Macleay, William Sharp (DNB00)

From Wikisource
 
Jump to: navigation, search

MACLEAY, WILLIAM SHARP (1792–1866), zoologist, eldest son of Alexander Macleay [q. v.] and first cousin of Sir William Macleay [q. v.], was born in London 30 July 1792. He was educated at Westminster and Trinity College, Cambridge, where he graduated as senior optime in 1814, proceeding M.A. in 1818. He was appointed attaché to the embassy in Paris, and shortly afterwards secretary to the board for liquidating British claims in France on the peace of 1815. This necessitated his residence for some years in Paris, where he became intimate with Cuvier, St.-Hilaire, Latreille, and other naturalists. He returned to England in 1819, and in 1821 was elected a fellow of the Linnean Society, of which his father was then secretary. In 1825 Canning made him commissioner of arbitration to the mixed British and Spanish court for the abolition of the slave trade at Havannah. In 1830 he became commissary judge in the same court, and in 1836 judge of the mixed court under the treaty of 1835; but in this year he returned to England, and in 1837 retired on a superannuation allowance. In 1839, after presiding over section D of the British Association at Liverpool, he left for New South Wales, on account of his dislike of the English climate. He there devoted himself mainly to the enlargement of his father's collection of insects, and to the care of his beautiful gardens at Elizabeth Bay, Sydney, where he died unmarried 26 Jan. 1865.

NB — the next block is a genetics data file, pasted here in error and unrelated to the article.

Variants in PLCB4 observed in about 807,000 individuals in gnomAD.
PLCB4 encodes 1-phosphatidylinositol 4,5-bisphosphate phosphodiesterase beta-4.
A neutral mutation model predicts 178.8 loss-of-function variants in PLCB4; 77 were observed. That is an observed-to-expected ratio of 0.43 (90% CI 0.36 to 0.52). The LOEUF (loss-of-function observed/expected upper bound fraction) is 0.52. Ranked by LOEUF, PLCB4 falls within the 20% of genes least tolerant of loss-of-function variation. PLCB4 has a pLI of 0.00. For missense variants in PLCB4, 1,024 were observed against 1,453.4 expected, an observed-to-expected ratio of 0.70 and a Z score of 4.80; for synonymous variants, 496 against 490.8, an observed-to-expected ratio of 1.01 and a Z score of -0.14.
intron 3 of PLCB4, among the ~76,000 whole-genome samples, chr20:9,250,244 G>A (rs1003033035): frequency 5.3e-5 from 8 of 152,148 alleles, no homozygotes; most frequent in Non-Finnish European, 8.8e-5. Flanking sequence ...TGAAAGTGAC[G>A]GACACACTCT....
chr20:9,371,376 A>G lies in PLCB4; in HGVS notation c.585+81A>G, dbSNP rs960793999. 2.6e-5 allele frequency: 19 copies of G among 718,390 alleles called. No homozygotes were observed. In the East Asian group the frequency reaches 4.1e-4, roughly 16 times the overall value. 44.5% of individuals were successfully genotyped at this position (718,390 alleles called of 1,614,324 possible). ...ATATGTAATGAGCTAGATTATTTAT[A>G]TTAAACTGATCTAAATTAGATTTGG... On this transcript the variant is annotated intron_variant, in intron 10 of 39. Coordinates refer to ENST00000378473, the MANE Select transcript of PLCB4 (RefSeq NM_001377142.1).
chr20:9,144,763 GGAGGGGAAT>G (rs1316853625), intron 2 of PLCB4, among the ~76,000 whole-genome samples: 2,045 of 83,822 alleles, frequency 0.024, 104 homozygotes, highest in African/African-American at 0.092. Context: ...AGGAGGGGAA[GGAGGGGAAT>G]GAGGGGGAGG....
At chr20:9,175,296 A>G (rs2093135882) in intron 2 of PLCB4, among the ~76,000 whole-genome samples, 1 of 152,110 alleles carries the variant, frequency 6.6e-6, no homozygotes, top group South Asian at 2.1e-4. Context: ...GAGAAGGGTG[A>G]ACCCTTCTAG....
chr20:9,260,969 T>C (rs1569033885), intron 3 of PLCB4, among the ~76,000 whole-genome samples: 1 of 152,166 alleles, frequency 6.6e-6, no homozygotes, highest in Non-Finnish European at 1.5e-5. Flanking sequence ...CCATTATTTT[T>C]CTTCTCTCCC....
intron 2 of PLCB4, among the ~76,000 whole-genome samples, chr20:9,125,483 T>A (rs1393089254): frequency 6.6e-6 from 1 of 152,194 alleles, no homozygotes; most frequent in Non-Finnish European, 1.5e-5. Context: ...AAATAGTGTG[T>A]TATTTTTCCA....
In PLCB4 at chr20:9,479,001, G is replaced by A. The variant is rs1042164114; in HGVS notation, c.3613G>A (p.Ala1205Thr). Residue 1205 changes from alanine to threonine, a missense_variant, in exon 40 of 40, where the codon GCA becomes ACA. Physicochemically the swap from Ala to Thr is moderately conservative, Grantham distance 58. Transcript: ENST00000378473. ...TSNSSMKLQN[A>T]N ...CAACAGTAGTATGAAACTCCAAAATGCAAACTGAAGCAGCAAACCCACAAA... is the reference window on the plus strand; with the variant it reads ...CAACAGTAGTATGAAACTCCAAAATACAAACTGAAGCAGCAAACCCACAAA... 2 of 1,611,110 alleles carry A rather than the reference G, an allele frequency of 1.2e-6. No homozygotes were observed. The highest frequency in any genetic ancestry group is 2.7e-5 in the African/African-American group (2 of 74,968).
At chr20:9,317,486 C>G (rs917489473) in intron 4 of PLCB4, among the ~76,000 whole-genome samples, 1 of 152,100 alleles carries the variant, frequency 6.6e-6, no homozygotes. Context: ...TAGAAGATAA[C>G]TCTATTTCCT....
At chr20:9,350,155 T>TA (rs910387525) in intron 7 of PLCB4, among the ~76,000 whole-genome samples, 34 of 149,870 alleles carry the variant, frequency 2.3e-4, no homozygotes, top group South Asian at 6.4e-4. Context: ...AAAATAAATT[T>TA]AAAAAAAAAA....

Most of Macleay's contributions to zoological literature belong to the period between 1819 and 1839. The chief is the 'Horæ Entomologicæ, or Essays on Annulose Animals,' in 2 vols., 1819 and 1821, in which he propounded the circular or quinary system, a forcedly artificial attempt at a natural system of classification, which soon became a by-word among naturalists. In 1825 he published, in quarto, 'Annulosa Javanica, or an Attempt to illustrate the Natural Affinities and Analogies of the Insects collected in Java by Thomas Horsfield,' and in 1838 the Annulosa of South Africa.' Twenty-six papers by him are recorded in the 'Royal Society's Catalogue' (iv. 168), mostly dealing with insects, and contributed at first to the 'Transactions of the Linnean Society' (vols, xiv-xvi.), and afterwards to the ' Journal,' 'Transactions,' and 'Proceedings' of the Zoological Society, and to the 'Annals and Magazine of Natural History.' Among these were 'Remarks on the Identity of certain General Laws, which have been lately observed to regulate the Natural Distribution of Insects and Fungi' ('Linn.Trans.' xiv. 1825); 'Anatomical Observations on the Tunicata ' (tift.); 'On Analogy and Affinity' ('Zoological Journal,' vol. iv. 1828-9); 'Anatomy of certain Birds of Cuba' ('Linn. Trans.' vol. xvi. 1833); 'On Trilobites' ('Annals of Natural History,' vol. iv. 1839); and 'The Natural Arrangement of Fishes' (ib. vol. ix. 1842). He also left numerous unpublished manuscripts, some of which, together with much of his correspondence, are in the Linnean Society's library.

[Proceedings of the Linnean Society, 1864-5, pp. c-ciii; Foreign Office List, 1866, 1st edit. p. 177; private information.]

G. S. B.